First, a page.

If there was a law against sycophants, by now Congress leaders high and low would be behind bars. That’s no exaggeration. To confirm this, simply recall Rahul Gandhi’s melodramatic appearance at Delhi’s press club; his words mercilessly punching his own government and Prime Minister.
In any self-respecting party with a spine such a show of sudden outrage by their leader, supreme and unassailable only in his lineage, would have nudged some kind of muted protest. If that’s too much to expect, at least a sulk or a telling silence would have been in order. But lo and behold Congress leaders did a complete 180 degrees turnabout.
‘We follow our leader’ the chorus went. From Ajay Maken, who sat stupefied next to Gandhi as the Congress vice president launched into a stinging assault on his government, which he said was his ‘personal opinion,’ to the Prime Minister himself.
Caught unawares, a red-faced Manmohan Singh from the distant shores of the United States of America, said he will look into the points raised by Gandhi. Just a couple of weeks earlier, the Prime Minister had said he was perfectly willing to work for the Congress under Gandhi’s leadership.
Sycophancy is not a virtue, particularly when such unabashed flattery stems from deference to one’s lineage.
Ruled by the Gandhis, the Congress today flaunts a culture of sycophantic adulation a blot on our professed democracy.
The same Gandhi crying foul over the ordinance kept mum during the raging controversy around his brother-in-law Robert Vadra and his questionable land dealings in Haryana.
Even when the Haryana government gunned for the IAS officer Ashok Khemka nailing Vadra for corruption, the Gandhis kept quiet. But they sent out their trusted lieutenants to do the demeaning job of defending the indefensible.
That’s not how principled leaders behave. If the ordinance shielding corrupt legislators is reprehensible, no less reprehensible are the attempts to prevent the law from taking its course against the son-in-law of the first family. Or to use the administration to punish honest officers who are following the law.
Robert Vadra is just one in a long list of such controversial cases where the Congress high command has remained wrapped in his habitual silence. It can be argued that the Indian political class, in general, lacks inner-party democracy. Look at Mamata Banerjee’s Trinamool Congress, who in equal measure inspires terror and awe, among her party colleagues. In contrast, we recently saw some ‘healthy’ sparring within the BJP.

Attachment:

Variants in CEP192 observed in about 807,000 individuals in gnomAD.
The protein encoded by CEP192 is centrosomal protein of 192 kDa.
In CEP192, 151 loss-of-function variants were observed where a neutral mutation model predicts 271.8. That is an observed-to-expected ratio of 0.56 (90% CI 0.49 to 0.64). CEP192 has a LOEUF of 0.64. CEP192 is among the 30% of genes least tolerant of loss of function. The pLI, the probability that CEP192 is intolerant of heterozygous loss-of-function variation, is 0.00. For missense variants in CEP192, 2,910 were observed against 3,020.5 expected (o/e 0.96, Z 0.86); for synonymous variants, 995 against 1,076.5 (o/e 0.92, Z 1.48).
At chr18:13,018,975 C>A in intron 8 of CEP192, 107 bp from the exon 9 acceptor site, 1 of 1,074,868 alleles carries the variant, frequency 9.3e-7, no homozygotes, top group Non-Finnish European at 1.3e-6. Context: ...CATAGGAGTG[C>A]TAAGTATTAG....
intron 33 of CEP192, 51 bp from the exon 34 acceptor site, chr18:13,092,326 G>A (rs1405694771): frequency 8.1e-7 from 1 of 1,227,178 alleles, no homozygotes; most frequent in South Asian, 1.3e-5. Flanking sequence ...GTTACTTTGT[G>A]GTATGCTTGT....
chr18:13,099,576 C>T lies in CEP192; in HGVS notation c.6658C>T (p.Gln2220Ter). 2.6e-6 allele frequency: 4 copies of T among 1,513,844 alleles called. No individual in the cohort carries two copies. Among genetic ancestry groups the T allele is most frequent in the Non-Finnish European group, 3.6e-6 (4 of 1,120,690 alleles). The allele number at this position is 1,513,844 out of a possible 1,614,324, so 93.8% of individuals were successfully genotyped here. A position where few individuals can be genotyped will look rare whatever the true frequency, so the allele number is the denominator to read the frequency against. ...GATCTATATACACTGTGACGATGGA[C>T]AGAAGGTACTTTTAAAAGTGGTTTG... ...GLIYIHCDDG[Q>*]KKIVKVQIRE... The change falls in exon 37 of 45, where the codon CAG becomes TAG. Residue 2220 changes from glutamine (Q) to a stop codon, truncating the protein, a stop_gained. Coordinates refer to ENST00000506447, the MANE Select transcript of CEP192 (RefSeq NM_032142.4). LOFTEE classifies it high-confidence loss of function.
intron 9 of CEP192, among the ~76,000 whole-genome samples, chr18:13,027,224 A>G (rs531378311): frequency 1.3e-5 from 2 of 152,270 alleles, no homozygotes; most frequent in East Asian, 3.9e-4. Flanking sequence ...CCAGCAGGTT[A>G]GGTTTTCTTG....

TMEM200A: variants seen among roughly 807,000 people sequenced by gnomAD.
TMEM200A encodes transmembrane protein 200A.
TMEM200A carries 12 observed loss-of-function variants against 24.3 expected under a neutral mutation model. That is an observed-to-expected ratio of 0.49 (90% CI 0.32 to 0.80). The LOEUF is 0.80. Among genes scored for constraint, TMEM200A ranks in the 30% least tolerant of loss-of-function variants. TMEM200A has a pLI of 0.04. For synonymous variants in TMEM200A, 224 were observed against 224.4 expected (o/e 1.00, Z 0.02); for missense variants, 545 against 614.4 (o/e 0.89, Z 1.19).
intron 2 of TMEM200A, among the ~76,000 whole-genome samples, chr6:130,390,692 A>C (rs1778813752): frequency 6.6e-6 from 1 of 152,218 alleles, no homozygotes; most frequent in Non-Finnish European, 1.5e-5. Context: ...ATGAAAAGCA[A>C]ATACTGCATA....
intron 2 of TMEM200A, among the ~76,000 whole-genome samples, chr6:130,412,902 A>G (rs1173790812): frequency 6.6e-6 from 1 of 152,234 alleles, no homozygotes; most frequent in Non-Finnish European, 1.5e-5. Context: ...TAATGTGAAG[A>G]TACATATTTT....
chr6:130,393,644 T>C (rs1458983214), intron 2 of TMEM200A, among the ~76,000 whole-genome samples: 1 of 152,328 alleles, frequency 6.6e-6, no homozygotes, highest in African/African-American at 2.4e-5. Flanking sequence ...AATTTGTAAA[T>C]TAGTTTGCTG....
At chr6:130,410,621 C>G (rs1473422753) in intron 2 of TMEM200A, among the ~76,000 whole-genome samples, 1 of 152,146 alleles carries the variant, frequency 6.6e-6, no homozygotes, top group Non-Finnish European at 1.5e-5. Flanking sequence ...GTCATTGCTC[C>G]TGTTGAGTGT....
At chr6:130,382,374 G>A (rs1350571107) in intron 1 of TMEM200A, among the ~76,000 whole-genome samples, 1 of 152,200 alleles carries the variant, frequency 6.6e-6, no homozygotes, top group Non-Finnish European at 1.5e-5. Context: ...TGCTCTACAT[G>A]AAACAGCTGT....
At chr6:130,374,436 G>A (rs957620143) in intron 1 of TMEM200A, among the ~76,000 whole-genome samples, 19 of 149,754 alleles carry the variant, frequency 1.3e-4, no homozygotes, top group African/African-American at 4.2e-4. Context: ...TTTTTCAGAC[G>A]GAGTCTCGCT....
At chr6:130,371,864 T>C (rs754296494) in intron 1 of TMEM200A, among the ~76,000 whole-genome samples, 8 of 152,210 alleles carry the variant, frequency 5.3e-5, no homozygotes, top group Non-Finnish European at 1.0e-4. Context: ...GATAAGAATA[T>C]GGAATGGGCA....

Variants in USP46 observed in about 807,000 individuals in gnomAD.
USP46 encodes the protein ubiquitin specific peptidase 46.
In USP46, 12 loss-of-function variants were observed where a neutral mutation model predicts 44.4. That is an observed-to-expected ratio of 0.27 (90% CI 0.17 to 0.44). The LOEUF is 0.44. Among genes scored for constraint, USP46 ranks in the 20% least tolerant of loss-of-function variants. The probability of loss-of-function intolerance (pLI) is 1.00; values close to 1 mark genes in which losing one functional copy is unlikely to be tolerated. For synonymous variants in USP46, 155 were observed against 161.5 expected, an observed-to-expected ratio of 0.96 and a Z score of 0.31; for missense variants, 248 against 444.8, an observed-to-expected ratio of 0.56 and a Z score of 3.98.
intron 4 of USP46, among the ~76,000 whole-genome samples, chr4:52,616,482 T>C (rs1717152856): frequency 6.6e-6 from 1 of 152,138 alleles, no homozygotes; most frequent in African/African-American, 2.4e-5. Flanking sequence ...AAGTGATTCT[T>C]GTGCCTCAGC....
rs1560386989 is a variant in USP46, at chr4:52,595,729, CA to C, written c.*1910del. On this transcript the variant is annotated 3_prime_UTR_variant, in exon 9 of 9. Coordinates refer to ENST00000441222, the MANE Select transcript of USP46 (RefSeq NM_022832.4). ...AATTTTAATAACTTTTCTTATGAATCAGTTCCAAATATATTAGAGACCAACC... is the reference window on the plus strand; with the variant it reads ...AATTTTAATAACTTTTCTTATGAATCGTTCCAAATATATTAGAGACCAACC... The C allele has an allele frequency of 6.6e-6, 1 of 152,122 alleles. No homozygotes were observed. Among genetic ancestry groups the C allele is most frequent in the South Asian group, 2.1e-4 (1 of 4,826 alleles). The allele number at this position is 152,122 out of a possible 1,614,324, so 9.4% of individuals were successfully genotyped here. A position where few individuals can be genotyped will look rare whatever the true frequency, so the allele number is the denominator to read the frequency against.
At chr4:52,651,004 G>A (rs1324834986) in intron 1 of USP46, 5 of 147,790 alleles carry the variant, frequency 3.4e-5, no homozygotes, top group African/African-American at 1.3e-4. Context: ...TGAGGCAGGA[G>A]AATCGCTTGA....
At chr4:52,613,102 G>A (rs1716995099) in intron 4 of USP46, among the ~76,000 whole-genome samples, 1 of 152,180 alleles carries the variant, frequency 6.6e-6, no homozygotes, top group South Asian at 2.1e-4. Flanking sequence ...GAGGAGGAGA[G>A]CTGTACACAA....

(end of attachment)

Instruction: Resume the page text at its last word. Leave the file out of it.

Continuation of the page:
Factionalism often is a signifier of inner-party democracy, especially when the war is out in the open, whether for personal ambition, or ideological motive.
But even by the markers of a sycophantic political culture, the Congress is leading the chart of ignominy. Trampling party discipline and taking Manmohan Singh on is easy for Gandhi. Not because of his unwavering ethical convictions.
But simply because he is a blue-blooded Gandhi. And that’s the rub. Former Congress stalwart Sharad Pawar was shown the door when he, and former Lok Sabha speaker PA Sangma, questioned Sonia Gandhi’s foreign origin.
The recent events around Gandhi bring to mind the famous children’s classic: Emperor’s New Clothes. Here’s an excerpt from a translation by Jean Hersholt. “Off went the Emperor in procession under his splendid canopy.
Everyone in the streets and the windows said, “Oh, how fine are the Emperor’s new clothes! Don’t they fit him to perfection? And see his long train!” Nobody would confess that he couldn’t see anything, for that would prove him either unfit for his position, or a fool. No costume the Emperor had worn before was ever such a complete success.
“But he hasn’t got anything on,” a little child said.
“But he hasn’t got anything on!” the whole town cried out at last.
The writer is Editor, dna of thought